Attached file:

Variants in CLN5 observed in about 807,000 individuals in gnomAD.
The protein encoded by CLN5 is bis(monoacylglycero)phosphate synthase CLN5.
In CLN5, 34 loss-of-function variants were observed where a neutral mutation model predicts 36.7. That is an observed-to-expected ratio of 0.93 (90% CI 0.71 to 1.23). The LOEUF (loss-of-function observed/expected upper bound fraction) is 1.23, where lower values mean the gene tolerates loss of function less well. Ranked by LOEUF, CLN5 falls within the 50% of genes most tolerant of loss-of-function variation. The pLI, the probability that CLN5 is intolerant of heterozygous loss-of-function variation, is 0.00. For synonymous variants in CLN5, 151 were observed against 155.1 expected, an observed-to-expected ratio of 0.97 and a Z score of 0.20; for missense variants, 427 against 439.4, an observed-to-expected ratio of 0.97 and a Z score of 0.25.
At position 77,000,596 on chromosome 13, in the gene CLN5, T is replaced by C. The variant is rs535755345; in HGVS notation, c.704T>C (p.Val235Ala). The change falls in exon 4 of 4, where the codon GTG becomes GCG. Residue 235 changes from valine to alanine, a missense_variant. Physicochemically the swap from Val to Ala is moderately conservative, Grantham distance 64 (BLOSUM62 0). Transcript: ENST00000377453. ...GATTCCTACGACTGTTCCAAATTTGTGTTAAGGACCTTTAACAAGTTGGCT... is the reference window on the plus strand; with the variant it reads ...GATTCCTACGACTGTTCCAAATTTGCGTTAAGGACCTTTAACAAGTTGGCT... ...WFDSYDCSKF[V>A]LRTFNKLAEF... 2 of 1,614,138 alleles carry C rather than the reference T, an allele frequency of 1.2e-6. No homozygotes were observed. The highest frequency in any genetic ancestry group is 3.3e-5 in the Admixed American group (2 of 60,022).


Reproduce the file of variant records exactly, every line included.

Variants in CLN5 observed in about 807,000 individuals in gnomAD.
The protein encoded by CLN5 is bis(monoacylglycero)phosphate synthase CLN5.
In CLN5, 34 loss-of-function variants were observed where a neutral mutation model predicts 36.7. That is an observed-to-expected ratio of 0.93 (90% CI 0.71 to 1.23). The LOEUF (loss-of-function observed/expected upper bound fraction) is 1.23, where lower values mean the gene tolerates loss of function less well. Ranked by LOEUF, CLN5 falls within the 50% of genes most tolerant of loss-of-function variation. The pLI, the probability that CLN5 is intolerant of heterozygous loss-of-function variation, is 0.00. For synonymous variants in CLN5, 151 were observed against 155.1 expected, an observed-to-expected ratio of 0.97 and a Z score of 0.20; for missense variants, 427 against 439.4, an observed-to-expected ratio of 0.97 and a Z score of 0.25.
At position 77,000,596 on chromosome 13, in the gene CLN5, T is replaced by C. The variant is rs535755345; in HGVS notation, c.704T>C (p.Val235Ala). The change falls in exon 4 of 4, where the codon GTG becomes GCG. Residue 235 changes from valine to alanine, a missense_variant. Physicochemically the swap from Val to Ala is moderately conservative, Grantham distance 64 (BLOSUM62 0). Transcript: ENST00000377453. ...GATTCCTACGACTGTTCCAAATTTGTGTTAAGGACCTTTAACAAGTTGGCT... is the reference window on the plus strand; with the variant it reads ...GATTCCTACGACTGTTCCAAATTTGCGTTAAGGACCTTTAACAAGTTGGCT... ...WFDSYDCSKF[V>A]LRTFNKLAEF... 2 of 1,614,138 alleles carry C rather than the reference T, an allele frequency of 1.2e-6. No homozygotes were observed. The highest frequency in any genetic ancestry group is 3.3e-5 in the Admixed American group (2 of 60,022).